There should be some way of talking about this cognitively, but I don't know that anyone at all has looked at it. It's sort of like all of the View Application steps happened at once -- they were all just sitting there, and just all fell together at once. Perhaps we need a new way of thinking about this sort of process. It's more like parts finding one another automatically when their correct ends all finally line up right. Like one of those tent poles that you can fold up and is has a bungee down the middle. Until you pull it out straight, it's all disconnected, but once you get it aligned, the whole thing connects at once. I always found those to be very elegant devices. I hate to use the evil chaos dynamics and attractors metaphor, but maybe it's actually appropriate in this case? Yuk!
There are many things in molecular biologists' toolkit that seem weird until you begin to think of the toolkit more like the toolbox carried by a plumber than like a doctor's medical bag. We assume that a medical bag will contain sensitive instruments, but not so a plumber's toolbox, which is mostly full of grimy wrenches and hammers. One of the weirdest yet simplest MolBio tools is gel purification. Suppose that you have a bunch of various DNA all mixed together. You might have gotten this by using a non-selective restriction enzyme to cut a long chain of DNA into a bunch of smaller pieces, and now you need to get the pieces apart. Usually you want to do this because you're only after one of the many pieces left. The way this is done is to run a gel electrophoresis of the mixture. DNA of different sizes moves at different speeds along an electrical field, so if you stick a bunch of random-length DNA at one end of a gelatinous surface, and then run a current along the gel, the DNA will chase the current. Since the gel is sort of viscous, it impedes the DNA, impeding the smaller fragments less than the larger ones, so that the smaller ones run fastest.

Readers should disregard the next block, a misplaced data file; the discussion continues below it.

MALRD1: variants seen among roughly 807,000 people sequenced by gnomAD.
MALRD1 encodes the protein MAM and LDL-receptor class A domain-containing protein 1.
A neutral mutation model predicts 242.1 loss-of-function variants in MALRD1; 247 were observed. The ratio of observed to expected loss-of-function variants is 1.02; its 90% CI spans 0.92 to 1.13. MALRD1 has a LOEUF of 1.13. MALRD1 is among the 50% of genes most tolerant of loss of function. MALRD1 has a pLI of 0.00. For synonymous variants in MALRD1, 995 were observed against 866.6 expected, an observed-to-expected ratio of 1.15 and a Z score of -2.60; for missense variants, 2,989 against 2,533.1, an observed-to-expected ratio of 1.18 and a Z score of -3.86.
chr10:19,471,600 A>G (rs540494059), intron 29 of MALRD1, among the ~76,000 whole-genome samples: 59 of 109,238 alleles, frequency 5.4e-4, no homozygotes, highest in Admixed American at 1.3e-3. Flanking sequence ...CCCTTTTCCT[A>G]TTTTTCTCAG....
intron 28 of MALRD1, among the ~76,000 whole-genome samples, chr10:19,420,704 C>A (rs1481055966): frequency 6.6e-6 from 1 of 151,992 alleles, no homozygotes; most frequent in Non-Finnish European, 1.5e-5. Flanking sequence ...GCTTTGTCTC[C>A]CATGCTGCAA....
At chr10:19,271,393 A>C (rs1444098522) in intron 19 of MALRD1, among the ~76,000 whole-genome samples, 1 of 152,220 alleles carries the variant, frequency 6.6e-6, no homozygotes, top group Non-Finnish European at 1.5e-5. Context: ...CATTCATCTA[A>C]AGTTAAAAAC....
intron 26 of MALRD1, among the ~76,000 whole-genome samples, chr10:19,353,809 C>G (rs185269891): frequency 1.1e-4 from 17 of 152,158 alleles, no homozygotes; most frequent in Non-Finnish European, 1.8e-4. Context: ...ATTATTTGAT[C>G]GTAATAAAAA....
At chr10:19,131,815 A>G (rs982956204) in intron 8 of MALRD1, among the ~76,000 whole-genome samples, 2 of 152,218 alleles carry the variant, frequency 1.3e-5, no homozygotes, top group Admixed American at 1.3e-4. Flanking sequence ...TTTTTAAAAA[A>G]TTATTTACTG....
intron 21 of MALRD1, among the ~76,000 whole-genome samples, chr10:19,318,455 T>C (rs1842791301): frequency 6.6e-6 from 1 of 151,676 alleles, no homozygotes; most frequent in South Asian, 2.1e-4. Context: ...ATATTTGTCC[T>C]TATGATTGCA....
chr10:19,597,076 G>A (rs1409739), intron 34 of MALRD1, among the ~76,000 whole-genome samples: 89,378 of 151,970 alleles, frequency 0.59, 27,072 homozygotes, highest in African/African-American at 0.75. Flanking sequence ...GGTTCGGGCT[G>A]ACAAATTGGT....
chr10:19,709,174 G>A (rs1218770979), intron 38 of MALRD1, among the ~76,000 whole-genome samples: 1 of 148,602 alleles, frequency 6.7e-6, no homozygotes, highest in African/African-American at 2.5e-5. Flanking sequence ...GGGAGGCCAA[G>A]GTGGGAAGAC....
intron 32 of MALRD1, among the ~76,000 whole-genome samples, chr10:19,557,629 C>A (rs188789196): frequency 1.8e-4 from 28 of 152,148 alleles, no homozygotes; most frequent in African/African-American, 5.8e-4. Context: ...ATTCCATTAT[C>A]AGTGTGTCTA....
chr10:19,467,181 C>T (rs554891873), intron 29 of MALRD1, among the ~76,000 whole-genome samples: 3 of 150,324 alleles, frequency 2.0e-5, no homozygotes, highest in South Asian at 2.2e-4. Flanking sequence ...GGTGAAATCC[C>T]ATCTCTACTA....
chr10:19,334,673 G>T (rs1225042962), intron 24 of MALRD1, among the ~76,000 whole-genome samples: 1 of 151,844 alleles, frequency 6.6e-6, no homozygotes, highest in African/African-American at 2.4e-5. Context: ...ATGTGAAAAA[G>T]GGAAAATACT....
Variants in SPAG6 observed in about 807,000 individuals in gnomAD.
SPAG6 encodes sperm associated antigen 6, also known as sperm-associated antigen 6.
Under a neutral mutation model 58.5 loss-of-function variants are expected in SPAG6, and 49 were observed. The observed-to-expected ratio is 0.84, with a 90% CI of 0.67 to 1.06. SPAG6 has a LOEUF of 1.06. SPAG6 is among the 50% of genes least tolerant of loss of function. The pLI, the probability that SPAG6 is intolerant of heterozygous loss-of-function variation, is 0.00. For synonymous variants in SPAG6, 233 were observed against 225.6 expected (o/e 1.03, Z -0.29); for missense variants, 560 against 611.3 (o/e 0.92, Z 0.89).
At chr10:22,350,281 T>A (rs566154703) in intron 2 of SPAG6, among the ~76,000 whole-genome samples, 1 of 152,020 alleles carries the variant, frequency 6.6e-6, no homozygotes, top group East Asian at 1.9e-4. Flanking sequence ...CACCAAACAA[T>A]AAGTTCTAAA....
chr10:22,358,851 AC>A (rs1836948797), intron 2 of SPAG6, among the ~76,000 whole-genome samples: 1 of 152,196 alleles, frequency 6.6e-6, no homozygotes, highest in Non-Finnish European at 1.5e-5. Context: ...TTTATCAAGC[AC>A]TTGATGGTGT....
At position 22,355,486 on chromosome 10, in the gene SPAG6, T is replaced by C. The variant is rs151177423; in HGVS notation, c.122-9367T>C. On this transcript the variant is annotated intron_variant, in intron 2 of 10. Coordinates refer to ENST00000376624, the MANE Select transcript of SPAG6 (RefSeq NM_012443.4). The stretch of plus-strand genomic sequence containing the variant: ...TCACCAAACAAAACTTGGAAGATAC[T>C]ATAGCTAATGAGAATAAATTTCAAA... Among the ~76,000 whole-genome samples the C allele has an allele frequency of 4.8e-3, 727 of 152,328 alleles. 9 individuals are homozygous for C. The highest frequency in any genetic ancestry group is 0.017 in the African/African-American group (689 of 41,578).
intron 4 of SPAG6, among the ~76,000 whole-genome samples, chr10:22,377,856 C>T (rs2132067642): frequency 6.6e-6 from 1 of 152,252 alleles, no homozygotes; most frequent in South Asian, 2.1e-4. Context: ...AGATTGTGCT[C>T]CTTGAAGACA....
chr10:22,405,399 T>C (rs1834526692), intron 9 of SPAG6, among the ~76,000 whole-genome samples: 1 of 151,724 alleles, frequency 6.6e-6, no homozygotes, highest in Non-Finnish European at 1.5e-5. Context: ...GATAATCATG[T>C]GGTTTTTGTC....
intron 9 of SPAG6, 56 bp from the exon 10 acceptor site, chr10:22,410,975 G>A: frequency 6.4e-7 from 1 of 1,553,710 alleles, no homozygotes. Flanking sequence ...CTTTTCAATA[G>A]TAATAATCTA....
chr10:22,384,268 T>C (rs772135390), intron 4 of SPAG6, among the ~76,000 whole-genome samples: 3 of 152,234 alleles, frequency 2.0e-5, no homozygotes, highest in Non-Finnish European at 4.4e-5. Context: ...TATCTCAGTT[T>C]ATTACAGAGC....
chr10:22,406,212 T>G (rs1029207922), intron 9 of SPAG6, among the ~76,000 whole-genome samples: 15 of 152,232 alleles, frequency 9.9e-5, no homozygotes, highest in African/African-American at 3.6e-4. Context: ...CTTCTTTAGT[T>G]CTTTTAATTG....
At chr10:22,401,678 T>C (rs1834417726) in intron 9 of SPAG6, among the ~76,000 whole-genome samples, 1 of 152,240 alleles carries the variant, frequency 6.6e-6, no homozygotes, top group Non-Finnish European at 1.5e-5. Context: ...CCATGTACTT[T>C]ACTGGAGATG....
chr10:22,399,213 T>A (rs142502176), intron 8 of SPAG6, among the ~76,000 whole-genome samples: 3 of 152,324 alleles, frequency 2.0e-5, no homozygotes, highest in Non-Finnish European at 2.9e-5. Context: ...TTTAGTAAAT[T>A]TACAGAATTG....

After a while you end up with the DNA spread out along the gel like so many runners who all start the race in a bunch near the starting line, but end up spread out all over the course in accord with how fast they run. This is only step one in purification: Spreading the fragments of DNA out from one another. Now, supposing that you know the size (in terms of molecular weight, usually) of the fragment you want to purify. How do you get it out of the gel? Here's the weird part: With a razor blade! That's right; you take a razor blade and literally cut out the slice of the gel that you think has the DNA of the desired size. Then there's a gel purification kit that you can use to purify DNA that's been cut out of a gel.
Now, I don't know about you, but using a razor blade to cut chunks out of a gel in order to purify the essence of life itself, seems to me, a bit crude. But MolBio is full of tools like this, some of which I'll talk about in the next note.
In his 1985 book on Science, Harry Collins tells the story of the TEA (Transverse Excited Atmospheric) Laser, demonstrating that it is often difficult to get an experimental to work, even for experts. Collins gives an account of someone's attempt to construct two versions of the laser (Collins 1985, pp. 51-78). The laser physicist in question had previous experience with many sorts of lasers, and was in contact with experts in the field, yet he had great difficulty in getting the TEA laser to work. Ultimately he found errors in his apparatus the laser worked. Collins says: "The ability of the laser to vaporize concrete, or whatever, comprised a universally agreed criterion of experimental quality. There was never any doubt that the laser ought to be able to work, and never any doubt about when one was working and when it was not." (Collins 1985, p. 84) Similarly, Paul Rabinow, in his oral history of the discovery and perfection of PCR (Making PCR, 1996), tells of the problem wherein one has to do a protocol a number of times before getting it to work.